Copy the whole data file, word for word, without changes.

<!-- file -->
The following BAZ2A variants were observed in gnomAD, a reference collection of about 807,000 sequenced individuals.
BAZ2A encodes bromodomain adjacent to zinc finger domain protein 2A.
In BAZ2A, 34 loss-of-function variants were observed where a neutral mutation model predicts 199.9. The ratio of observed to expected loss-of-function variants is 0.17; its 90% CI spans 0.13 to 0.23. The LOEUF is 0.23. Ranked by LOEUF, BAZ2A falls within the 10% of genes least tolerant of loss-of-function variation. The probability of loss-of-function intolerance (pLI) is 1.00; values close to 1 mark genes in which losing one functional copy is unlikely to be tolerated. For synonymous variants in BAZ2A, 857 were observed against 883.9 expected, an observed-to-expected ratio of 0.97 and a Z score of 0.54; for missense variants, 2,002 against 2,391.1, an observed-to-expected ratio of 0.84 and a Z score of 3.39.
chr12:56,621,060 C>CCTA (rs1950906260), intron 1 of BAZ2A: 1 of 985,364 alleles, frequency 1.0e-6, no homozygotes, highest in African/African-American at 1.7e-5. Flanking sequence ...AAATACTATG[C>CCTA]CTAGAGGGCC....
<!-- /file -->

The following BAZ2A variants were observed in gnomAD, a reference collection of about 807,000 sequenced individuals.
BAZ2A encodes bromodomain adjacent to zinc finger domain protein 2A.
In BAZ2A, 34 loss-of-function variants were observed where a neutral mutation model predicts 199.9. The ratio of observed to expected loss-of-function variants is 0.17; its 90% CI spans 0.13 to 0.23. The LOEUF is 0.23. Ranked by LOEUF, BAZ2A falls within the 10% of genes least tolerant of loss-of-function variation. The probability of loss-of-function intolerance (pLI) is 1.00; values close to 1 mark genes in which losing one functional copy is unlikely to be tolerated. For synonymous variants in BAZ2A, 857 were observed against 883.9 expected, an observed-to-expected ratio of 0.97 and a Z score of 0.54; for missense variants, 2,002 against 2,391.1, an observed-to-expected ratio of 0.84 and a Z score of 3.39.
chr12:56,621,060 C>CCTA (rs1950906260), intron 1 of BAZ2A: 1 of 985,364 alleles, frequency 1.0e-6, no homozygotes, highest in African/African-American at 1.7e-5. Flanking sequence ...AAATACTATG[C>CCTA]CTAGAGGGCC....